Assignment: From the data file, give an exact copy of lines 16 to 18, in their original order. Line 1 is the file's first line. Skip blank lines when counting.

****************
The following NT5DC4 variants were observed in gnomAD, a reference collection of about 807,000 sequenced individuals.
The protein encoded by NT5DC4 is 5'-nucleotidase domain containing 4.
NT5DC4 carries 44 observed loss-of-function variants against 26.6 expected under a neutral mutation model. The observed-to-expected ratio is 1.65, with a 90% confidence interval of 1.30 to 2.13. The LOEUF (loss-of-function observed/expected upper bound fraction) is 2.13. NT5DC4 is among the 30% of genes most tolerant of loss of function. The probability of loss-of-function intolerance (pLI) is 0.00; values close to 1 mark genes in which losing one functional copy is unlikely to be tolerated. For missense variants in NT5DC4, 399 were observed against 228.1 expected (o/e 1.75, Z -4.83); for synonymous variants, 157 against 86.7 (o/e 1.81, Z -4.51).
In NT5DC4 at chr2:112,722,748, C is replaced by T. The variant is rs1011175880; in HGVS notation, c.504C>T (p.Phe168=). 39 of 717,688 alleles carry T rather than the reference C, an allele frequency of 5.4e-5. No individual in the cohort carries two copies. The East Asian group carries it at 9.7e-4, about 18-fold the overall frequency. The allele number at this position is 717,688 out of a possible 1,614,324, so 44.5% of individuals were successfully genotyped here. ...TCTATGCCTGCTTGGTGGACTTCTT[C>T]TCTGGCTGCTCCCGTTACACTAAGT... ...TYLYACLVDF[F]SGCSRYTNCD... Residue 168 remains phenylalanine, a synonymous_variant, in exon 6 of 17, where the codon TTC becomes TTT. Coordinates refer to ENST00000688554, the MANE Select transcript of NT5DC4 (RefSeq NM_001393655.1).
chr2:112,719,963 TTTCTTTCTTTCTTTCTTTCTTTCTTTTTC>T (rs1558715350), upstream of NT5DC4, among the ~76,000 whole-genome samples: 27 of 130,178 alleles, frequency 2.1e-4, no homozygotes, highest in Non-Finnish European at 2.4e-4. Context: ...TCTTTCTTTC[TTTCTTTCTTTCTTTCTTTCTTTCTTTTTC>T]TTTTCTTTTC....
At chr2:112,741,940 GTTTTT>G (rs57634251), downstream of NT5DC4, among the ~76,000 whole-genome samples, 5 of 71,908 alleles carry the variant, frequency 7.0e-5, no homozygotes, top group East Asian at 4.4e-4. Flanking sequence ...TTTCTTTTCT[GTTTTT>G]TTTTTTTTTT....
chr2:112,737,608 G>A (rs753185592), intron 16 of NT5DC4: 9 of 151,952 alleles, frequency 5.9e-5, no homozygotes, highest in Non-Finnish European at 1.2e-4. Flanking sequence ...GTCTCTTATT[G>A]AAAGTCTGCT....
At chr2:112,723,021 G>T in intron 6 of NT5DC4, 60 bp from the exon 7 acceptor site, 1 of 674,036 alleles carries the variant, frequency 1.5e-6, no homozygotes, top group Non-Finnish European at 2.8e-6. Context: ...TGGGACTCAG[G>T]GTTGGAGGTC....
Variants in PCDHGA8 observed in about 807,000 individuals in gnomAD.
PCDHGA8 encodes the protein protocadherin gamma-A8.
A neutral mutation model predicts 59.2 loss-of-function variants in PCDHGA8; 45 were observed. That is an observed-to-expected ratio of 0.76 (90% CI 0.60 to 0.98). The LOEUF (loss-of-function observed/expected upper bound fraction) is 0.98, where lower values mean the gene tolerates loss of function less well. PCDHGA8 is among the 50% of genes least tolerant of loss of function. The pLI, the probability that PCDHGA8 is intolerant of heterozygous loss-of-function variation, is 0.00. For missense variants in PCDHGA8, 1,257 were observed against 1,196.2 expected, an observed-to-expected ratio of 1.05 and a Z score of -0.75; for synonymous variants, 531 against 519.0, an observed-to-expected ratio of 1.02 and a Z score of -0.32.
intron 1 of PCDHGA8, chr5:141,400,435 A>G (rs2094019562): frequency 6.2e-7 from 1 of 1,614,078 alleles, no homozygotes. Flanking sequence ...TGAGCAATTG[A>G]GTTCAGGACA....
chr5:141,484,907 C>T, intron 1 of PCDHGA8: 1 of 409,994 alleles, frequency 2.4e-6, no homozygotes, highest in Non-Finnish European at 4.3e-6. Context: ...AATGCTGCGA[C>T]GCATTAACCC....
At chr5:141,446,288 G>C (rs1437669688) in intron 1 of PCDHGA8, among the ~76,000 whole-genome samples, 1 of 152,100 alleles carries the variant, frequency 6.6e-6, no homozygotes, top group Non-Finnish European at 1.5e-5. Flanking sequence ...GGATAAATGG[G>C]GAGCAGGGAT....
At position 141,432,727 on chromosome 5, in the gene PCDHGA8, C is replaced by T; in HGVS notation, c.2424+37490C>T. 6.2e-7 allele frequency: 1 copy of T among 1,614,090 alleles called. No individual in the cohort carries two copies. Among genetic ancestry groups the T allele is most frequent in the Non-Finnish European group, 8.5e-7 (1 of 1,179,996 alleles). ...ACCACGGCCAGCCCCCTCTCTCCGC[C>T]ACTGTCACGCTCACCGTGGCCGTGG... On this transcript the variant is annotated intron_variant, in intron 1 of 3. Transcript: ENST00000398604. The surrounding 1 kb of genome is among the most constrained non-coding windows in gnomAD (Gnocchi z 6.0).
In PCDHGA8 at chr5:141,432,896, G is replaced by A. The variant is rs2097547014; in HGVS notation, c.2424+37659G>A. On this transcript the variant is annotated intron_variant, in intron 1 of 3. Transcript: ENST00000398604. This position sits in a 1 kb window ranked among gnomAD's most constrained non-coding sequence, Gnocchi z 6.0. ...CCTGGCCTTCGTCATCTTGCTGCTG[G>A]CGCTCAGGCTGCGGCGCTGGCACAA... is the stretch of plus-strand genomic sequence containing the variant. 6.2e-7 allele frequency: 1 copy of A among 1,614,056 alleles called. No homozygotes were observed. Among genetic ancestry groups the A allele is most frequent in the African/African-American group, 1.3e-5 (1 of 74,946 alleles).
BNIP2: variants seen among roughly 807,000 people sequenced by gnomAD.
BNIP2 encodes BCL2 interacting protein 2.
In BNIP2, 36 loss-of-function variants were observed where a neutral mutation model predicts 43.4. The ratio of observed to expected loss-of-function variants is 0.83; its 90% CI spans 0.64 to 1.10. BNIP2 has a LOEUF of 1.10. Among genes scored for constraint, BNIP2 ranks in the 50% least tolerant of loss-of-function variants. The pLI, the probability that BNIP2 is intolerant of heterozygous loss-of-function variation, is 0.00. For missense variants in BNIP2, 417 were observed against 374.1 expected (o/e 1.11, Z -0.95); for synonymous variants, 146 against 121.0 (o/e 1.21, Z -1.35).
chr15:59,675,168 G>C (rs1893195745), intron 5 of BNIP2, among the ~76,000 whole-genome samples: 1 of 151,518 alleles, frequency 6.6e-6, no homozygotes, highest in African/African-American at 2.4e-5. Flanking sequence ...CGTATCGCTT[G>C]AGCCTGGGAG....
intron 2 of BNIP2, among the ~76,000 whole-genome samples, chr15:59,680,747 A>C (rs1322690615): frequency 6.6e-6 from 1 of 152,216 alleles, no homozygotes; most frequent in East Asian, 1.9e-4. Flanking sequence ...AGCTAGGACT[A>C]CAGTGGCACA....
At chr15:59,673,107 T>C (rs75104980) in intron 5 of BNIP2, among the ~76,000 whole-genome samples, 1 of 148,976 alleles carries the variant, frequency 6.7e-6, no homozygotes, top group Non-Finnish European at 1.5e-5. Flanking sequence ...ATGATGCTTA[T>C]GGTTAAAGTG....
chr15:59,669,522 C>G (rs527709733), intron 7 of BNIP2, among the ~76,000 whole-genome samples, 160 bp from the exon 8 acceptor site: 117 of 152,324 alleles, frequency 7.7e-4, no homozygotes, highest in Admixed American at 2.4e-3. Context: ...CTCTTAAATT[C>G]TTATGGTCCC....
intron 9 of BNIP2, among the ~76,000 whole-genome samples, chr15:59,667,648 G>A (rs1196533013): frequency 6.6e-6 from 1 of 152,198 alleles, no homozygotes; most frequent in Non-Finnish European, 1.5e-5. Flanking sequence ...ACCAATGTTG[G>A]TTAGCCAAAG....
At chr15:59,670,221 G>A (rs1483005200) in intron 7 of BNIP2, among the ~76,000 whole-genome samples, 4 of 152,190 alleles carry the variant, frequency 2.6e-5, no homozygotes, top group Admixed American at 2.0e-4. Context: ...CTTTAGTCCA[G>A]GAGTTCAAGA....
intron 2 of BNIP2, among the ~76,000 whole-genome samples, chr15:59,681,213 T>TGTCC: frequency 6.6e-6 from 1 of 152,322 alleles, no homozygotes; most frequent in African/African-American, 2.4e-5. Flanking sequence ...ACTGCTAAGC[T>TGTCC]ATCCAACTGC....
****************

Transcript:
In PCDHGA8 at chr5:141,432,896, G is replaced by A. The variant is rs2097547014; in HGVS notation, c.2424+37659G>A. On this transcript the variant is annotated intron_variant, in intron 1 of 3. Transcript: ENST00000398604. This position sits in a 1 kb window ranked among gnomAD's most constrained non-coding sequence, Gnocchi z 6.0. ...CCTGGCCTTCGTCATCTTGCTGCTG[G>A]CGCTCAGGCTGCGGCGCTGGCACAA... is the stretch of plus-strand genomic sequence containing the variant. 6.2e-7 allele frequency: 1 copy of A among 1,614,056 alleles called. No homozygotes were observed. Among genetic ancestry groups the A allele is most frequent in the African/African-American group, 1.3e-5 (1 of 74,946 alleles).
BNIP2: variants seen among roughly 807,000 people sequenced by gnomAD.
BNIP2 encodes BCL2 interacting protein 2.